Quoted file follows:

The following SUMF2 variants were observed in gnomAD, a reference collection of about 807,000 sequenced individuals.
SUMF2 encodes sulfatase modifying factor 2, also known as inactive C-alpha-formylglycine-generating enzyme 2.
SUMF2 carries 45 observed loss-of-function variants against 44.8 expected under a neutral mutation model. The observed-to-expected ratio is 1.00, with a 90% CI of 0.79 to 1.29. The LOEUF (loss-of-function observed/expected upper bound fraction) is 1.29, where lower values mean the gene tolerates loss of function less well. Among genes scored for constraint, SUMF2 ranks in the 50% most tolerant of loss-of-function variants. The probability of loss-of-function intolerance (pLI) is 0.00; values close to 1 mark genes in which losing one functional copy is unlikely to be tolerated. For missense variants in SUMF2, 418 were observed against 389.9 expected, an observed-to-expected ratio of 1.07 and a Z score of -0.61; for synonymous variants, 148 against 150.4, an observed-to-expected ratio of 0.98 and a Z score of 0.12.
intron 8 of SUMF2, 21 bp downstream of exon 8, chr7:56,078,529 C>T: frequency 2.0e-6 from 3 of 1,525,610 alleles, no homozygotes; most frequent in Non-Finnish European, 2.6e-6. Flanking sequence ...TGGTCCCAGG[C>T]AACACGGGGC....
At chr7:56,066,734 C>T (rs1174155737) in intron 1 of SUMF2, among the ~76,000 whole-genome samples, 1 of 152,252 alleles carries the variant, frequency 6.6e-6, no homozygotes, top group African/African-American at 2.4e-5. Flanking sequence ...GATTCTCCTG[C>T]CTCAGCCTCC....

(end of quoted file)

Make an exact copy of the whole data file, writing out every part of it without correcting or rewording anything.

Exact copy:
The following SUMF2 variants were observed in gnomAD, a reference collection of about 807,000 sequenced individuals.
SUMF2 encodes sulfatase modifying factor 2, also known as inactive C-alpha-formylglycine-generating enzyme 2.
SUMF2 carries 45 observed loss-of-function variants against 44.8 expected under a neutral mutation model. The observed-to-expected ratio is 1.00, with a 90% CI of 0.79 to 1.29. The LOEUF (loss-of-function observed/expected upper bound fraction) is 1.29, where lower values mean the gene tolerates loss of function less well. Among genes scored for constraint, SUMF2 ranks in the 50% most tolerant of loss-of-function variants. The probability of loss-of-function intolerance (pLI) is 0.00; values close to 1 mark genes in which losing one functional copy is unlikely to be tolerated. For missense variants in SUMF2, 418 were observed against 389.9 expected, an observed-to-expected ratio of 1.07 and a Z score of -0.61; for synonymous variants, 148 against 150.4, an observed-to-expected ratio of 0.98 and a Z score of 0.12.
intron 8 of SUMF2, 21 bp downstream of exon 8, chr7:56,078,529 C>T: frequency 2.0e-6 from 3 of 1,525,610 alleles, no homozygotes; most frequent in Non-Finnish European, 2.6e-6. Flanking sequence ...TGGTCCCAGG[C>T]AACACGGGGC....
At chr7:56,066,734 C>T (rs1174155737) in intron 1 of SUMF2, among the ~76,000 whole-genome samples, 1 of 152,252 alleles carries the variant, frequency 6.6e-6, no homozygotes, top group African/African-American at 2.4e-5. Flanking sequence ...GATTCTCCTG[C>T]CTCAGCCTCC....